When the first draft is done (this happens when I have a whole bunch of words on the page and at least one possible ending) I let the dust settle for a couple of weeks, then go back and analyze what’s there. Pieces get chopped, added and rearranged. A leading point-of-view character emerges and reveals the main plot thread. If I get confused I enter scene-level data to an Excel spreadsheet and track both story and character arcs to see what’s missing. Sometimes I draw pictures of how different plot threads and characters relate, and how they support an overall theme.
The central truth about me and the first draft of novels: I never know what the story is really about until the first draft is done. This is true even when I’ve worked with detailed outlines geared to formula-driven genre fiction.
Are you finished?
You usually don’t write the blog until afternoon.
Just another distraction?
Okay, okay. I just hope the two of you aren’t too disappointed if we don’t jet off to Athens until we’ve finished the first draft. And don’t count on any locally procured baklava, either! Which reminds me- –
Get back in your chair.
Fine. But when a neighbor calls the police to request a wellness check because I haven’t left the house for ten weeks and they find my bleached bones heaped at my desk, you’ll be sorry.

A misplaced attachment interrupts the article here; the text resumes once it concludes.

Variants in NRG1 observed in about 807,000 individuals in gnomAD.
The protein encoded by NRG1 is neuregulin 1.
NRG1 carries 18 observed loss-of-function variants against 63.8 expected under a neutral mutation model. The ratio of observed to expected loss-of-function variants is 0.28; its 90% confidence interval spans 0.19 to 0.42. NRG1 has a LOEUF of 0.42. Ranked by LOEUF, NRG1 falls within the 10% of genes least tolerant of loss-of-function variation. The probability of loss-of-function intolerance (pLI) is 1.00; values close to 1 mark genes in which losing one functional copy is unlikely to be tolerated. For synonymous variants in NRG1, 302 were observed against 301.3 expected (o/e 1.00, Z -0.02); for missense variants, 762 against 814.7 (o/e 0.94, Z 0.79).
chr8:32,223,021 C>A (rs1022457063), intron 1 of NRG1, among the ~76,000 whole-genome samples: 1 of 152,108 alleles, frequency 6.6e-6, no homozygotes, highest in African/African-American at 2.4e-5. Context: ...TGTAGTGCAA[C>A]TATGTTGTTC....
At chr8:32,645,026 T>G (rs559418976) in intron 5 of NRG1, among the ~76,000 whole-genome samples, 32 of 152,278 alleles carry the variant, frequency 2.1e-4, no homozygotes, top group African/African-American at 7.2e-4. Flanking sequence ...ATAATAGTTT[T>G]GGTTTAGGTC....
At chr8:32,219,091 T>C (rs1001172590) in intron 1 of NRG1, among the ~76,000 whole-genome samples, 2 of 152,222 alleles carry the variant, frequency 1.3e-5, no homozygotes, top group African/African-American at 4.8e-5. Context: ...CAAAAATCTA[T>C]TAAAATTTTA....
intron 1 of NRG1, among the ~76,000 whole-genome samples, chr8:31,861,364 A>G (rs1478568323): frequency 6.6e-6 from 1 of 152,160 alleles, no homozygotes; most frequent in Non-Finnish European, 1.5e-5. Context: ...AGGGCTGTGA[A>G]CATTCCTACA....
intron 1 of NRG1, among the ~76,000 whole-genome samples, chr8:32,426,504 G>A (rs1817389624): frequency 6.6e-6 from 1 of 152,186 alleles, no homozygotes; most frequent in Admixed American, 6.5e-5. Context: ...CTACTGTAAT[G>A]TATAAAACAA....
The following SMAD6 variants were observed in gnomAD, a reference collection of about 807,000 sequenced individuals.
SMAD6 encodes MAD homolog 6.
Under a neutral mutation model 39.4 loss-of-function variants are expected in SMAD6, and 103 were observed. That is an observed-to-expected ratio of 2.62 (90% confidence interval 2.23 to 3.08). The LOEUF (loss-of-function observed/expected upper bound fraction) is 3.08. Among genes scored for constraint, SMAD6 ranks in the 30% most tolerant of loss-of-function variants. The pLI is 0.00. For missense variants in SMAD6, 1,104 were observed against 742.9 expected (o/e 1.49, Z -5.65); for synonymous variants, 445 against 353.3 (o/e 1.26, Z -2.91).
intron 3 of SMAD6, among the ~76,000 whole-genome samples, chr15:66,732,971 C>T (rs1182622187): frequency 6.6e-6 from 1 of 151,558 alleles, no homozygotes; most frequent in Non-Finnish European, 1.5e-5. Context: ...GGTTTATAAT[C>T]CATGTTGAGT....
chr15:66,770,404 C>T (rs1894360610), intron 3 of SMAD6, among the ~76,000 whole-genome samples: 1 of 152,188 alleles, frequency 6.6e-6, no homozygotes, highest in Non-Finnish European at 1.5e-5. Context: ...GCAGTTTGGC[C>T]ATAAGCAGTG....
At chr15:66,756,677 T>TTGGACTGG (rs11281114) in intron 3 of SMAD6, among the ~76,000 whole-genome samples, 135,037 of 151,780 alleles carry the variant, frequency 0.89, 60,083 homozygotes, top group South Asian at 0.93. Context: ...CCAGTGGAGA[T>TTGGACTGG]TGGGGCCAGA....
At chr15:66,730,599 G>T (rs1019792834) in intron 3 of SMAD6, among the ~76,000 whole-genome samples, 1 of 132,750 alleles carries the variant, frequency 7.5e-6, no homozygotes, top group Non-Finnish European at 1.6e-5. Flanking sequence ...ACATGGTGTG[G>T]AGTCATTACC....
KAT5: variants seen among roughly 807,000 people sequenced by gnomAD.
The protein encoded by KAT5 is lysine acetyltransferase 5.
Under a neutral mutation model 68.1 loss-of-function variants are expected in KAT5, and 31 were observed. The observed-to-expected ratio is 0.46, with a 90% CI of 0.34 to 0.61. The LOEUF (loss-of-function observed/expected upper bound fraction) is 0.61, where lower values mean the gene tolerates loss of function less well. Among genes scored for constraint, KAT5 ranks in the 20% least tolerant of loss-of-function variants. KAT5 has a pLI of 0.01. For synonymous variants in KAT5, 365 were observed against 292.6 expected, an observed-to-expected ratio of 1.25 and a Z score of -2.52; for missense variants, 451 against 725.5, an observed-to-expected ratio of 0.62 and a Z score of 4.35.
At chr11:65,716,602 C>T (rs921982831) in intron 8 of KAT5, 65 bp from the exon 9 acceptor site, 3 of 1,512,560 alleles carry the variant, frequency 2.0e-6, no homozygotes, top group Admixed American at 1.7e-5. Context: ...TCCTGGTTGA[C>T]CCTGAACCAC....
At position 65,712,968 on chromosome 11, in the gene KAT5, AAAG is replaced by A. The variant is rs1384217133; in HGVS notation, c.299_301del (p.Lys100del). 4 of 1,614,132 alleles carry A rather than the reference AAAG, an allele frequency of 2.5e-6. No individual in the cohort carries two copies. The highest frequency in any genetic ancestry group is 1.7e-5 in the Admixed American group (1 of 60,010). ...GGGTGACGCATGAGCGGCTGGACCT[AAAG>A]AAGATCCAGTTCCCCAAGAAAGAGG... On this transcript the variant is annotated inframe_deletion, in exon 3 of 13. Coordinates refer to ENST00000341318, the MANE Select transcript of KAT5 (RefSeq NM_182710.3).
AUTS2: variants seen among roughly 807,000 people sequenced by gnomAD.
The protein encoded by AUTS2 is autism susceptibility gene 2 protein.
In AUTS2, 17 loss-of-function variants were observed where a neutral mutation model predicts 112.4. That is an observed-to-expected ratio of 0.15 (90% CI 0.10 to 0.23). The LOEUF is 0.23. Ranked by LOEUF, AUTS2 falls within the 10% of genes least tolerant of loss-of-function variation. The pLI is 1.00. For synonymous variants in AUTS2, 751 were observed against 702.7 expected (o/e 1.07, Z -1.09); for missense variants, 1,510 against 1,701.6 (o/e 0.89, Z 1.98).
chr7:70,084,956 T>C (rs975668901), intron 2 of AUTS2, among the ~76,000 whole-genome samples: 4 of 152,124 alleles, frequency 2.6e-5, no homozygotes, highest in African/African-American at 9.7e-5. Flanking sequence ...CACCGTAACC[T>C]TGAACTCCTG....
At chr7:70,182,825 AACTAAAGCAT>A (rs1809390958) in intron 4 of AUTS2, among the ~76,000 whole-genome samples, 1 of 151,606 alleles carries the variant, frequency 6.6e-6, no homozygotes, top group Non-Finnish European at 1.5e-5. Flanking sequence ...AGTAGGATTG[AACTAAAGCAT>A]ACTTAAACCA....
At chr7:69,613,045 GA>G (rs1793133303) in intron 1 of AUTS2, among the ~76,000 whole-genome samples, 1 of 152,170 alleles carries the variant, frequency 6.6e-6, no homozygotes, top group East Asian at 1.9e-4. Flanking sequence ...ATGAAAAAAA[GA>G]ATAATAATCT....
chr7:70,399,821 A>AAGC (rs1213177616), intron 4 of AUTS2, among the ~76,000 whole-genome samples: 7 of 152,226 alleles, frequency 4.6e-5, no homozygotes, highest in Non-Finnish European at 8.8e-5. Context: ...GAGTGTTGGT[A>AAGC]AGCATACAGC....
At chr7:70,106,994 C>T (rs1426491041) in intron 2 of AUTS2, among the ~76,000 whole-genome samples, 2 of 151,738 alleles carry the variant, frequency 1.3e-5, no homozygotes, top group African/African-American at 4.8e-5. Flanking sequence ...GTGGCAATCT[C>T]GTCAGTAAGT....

True, but let me add a quick note to anyone out there who’s worried about Piebald, the cat, as reported last week. I switched him to a lower-fat senior kibble, which has improved his symptoms enough that a trip to the vet is not needed at this time. Fingers crossed!
And now, the author engages her two super-powers: steely determination and a cast-iron bottom. Firmly rooted at the desk, I’ll be here every day for fifteen hundred words or three hours, whichever comes first, battling distraction until the first draft is done.
Subscribe To Susan's Newsletter
Join the official mailing list to receive the latest news and updates from Susan D. Matley. It's free and you can opt out anytime!
I am still laughing. Yes! You have perfectly captured the demon of distraction and her sister procrastination. Doesn’t baklava sound good? At least a coffee reheat, refill? And what am I doing? Reading your blog, of course, seeing my life mirrored in yours. On the other hand, it can’t really be distraction if you look forward to it. Bwa ha ha ha.
Glad to provide an enjoyable distraction, Tom, and hey, it’s only once a week! Now that you mention it, baklava does sound good. . .
Yes, indeed, distraction. I checked a lical restaurant menu, googled a black eagle because a friend has one, read NYT headlines, did 4 puzzles, oh and yes, pulled up pages if next novel. Didn’t get very far. At least you had 400 + words! 😃😃😃
So many wonderful things to do, so little time! I made it through last week with 5 days straight of 1500+ draft. Exhausting! Some days I was done by 11 AM, other I fell panting and wheezing across the finish line at 5 PM. Writing is not for the faint of heart! Best wishes on the next novel, Julie!